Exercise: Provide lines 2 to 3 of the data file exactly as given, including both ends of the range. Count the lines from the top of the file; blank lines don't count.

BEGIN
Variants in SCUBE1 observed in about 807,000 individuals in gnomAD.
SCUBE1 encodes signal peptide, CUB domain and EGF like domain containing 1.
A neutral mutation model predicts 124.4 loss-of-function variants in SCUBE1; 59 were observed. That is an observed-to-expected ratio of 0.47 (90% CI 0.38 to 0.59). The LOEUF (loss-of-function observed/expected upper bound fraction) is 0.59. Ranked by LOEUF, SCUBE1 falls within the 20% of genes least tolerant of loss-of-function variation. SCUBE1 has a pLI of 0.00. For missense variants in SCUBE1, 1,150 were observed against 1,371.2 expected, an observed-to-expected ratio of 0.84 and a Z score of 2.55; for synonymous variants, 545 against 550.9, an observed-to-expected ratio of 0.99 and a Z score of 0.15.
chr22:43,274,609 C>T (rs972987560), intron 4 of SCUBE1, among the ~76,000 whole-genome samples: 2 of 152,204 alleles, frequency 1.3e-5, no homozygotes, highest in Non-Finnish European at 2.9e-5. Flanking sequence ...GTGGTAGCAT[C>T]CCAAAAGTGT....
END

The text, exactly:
SCUBE1 encodes signal peptide, CUB domain and EGF like domain containing 1.
A neutral mutation model predicts 124.4 loss-of-function variants in SCUBE1; 59 were observed. That is an observed-to-expected ratio of 0.47 (90% CI 0.38 to 0.59). The LOEUF (loss-of-function observed/expected upper bound fraction) is 0.59. Ranked by LOEUF, SCUBE1 falls within the 20% of genes least tolerant of loss-of-function variation. SCUBE1 has a pLI of 0.00. For missense variants in SCUBE1, 1,150 were observed against 1,371.2 expected, an observed-to-expected ratio of 0.84 and a Z score of 2.55; for synonymous variants, 545 against 550.9, an observed-to-expected ratio of 0.99 and a Z score of 0.15.